‘THE COMPOSER IS DEAD’ at Berkeley Rep

Last week, I got a chance to see Lemony Snicket’s The Composer Is Dead at Berkeley Rep. The play is basically an adaptation of a children’s book, but since the book would only take about six minutes to read, they pad it out with a film about “the magic of living, breathing theater.”

The problem is, there’s not quite enough “magic of living, breathing theater” happening. (It is a movie, after all, even if the main character does interact with it.) The script seems to be based on that memory game where you say, “I’m going on a trip and I’m taking an apple. I’m going on a trip and I’m taking an apple and a bassoon. I’m going on a trip and I’m taking an apple and a bassoon and a cantaloupe.” So after 15 minutes that felt more like 45, we learned that the actor is mute, the lighting designer is lazy, the this thing is that thing, and the film still wasn’t over.

Finally, the screen disappeared, and there was a moment that brought home the idea of the magic of theater: The curtain went up on what looked like a gorgeous Victorian paper theater come to life, with some super-charming puppets filling out the orchestra, and the audience broke out into applause. Unfortunately, not much else happened: the puppets didn’t get to do very much, and the only “living, breathing” person in the play more or less stood behind them and gave us all a get-to-know-your-instruments lesson disguised as an interrogation.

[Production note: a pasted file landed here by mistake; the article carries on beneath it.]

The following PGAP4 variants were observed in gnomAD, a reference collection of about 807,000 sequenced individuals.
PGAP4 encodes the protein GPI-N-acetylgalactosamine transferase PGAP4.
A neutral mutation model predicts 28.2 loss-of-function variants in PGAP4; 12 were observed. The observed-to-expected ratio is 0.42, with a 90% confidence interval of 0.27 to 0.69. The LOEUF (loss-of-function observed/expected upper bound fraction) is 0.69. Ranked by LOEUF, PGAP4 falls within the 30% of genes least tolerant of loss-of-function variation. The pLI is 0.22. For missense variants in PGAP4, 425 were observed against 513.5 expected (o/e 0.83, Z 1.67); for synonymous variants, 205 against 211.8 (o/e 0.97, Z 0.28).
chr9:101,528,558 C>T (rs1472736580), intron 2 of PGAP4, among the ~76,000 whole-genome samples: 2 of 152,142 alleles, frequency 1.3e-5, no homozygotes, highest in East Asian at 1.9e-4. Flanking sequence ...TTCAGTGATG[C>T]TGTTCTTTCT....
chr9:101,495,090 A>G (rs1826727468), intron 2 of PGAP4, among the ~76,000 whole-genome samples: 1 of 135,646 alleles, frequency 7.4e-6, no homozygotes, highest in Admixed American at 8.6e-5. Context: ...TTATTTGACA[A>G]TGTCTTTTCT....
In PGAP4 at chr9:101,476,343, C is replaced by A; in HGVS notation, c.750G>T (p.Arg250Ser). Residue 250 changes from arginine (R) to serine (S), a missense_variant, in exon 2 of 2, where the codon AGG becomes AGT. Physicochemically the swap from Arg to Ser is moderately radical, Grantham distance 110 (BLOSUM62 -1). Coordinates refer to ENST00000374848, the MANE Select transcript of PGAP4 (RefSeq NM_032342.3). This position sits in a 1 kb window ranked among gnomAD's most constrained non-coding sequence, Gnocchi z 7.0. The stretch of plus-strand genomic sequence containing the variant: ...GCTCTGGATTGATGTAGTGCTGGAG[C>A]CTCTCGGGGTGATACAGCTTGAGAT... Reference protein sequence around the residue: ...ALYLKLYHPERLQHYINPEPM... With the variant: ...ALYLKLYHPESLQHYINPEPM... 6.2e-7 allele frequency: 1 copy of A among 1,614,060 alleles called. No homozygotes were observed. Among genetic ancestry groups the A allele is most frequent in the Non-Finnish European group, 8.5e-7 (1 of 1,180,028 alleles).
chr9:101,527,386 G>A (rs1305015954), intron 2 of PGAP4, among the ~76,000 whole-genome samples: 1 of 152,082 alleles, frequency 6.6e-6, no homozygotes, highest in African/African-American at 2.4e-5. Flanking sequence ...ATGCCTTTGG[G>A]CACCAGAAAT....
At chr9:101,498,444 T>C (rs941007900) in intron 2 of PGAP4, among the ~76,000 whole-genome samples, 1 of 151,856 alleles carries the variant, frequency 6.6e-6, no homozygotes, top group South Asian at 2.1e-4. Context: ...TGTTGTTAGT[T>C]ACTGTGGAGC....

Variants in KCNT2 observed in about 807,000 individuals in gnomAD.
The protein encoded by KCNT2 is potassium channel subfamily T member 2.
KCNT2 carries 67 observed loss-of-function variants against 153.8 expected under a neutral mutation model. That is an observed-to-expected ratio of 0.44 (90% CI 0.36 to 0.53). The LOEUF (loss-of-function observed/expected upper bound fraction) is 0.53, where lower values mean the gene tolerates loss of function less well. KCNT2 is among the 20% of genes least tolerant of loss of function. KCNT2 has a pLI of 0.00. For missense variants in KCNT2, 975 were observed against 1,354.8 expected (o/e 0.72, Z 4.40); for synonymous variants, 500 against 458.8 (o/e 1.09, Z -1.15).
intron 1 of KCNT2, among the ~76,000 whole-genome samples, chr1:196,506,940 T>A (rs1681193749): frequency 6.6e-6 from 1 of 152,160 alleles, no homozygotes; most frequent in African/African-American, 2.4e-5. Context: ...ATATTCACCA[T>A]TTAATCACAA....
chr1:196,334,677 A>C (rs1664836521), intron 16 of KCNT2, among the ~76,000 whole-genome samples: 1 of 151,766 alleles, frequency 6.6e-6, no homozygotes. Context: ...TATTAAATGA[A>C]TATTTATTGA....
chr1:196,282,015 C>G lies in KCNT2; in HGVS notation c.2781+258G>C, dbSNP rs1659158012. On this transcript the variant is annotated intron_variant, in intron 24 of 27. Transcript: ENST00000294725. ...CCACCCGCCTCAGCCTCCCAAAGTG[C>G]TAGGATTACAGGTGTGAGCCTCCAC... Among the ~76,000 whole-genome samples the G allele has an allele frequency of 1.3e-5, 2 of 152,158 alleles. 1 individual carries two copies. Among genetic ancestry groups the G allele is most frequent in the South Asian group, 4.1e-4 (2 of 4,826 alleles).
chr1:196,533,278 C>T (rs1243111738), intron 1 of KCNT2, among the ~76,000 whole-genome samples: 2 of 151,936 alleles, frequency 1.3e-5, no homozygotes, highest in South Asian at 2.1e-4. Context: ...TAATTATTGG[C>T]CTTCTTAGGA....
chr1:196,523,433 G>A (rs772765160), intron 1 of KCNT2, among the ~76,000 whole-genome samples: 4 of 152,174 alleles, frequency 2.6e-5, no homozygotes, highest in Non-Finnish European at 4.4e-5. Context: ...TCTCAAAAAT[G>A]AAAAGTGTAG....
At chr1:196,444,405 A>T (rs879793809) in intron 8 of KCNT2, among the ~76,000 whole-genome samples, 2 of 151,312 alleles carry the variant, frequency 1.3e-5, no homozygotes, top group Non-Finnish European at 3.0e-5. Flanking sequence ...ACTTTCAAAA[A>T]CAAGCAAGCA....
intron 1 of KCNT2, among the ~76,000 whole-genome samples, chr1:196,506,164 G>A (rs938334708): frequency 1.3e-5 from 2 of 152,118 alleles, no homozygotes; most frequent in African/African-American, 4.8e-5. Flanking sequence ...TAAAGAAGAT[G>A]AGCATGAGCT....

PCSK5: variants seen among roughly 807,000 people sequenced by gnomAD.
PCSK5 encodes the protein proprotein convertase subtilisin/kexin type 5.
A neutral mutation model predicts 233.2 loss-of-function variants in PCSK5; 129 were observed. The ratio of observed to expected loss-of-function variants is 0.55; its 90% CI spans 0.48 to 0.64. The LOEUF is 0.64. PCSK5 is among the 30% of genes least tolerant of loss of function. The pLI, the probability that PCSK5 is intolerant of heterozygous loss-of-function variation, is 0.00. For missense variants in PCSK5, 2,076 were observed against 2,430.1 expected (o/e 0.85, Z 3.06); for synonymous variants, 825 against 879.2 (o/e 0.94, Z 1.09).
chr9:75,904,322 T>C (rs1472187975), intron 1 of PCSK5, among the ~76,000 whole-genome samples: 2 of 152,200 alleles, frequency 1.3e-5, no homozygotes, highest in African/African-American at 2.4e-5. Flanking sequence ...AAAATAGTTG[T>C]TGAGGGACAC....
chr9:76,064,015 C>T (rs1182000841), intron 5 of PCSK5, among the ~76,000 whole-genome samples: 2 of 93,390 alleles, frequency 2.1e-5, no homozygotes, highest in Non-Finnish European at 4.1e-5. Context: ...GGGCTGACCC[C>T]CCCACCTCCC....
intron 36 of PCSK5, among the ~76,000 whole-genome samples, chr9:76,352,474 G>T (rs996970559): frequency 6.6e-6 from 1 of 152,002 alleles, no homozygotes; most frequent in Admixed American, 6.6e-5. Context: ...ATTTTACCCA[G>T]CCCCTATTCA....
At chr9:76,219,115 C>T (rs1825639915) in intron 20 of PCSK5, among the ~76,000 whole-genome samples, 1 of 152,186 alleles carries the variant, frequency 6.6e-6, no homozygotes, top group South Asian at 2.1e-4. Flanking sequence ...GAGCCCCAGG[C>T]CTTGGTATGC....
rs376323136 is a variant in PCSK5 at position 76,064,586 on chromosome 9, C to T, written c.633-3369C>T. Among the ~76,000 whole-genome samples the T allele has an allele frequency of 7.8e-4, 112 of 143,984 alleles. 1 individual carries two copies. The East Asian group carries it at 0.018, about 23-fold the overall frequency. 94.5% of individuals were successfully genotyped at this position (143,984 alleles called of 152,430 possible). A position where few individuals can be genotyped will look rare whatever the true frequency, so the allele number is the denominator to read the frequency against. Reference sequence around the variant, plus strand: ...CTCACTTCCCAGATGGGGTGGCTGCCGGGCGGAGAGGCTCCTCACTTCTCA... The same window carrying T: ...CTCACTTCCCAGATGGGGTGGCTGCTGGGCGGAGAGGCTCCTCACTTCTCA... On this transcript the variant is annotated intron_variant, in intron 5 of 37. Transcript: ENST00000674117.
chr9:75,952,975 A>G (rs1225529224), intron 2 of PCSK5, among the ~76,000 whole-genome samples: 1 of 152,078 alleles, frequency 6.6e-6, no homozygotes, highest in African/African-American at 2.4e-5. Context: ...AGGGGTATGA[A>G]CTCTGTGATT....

So it was definitely not for me — but then I’m not in what I presume is their target market of little kids who seek a deeper understanding of woodwinds. Critics, on the other hand, are mixed: Some find it “delightful”; others say “you might want to skip this one.” In the end, I’m with Chad Jones over at Theater Dogs: the highlight was the truly funny blooper reel at the end of the film.

(Disclosure: I was comp’d to this show.)

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3 thoughts on “‘THE COMPOSER IS DEAD’ at Berkeley Rep

  1. I haven’t seen the show, but this line in your review made me laugh out loud at my computer: “So it was definitely not for me — but then I’m not in what I presume is their target market of little kids who seek a deeper understanding of woodwinds.”

    Kids who seek a deeper understanding of woodwinds are probably my favorite theatrical target market, hands-down.

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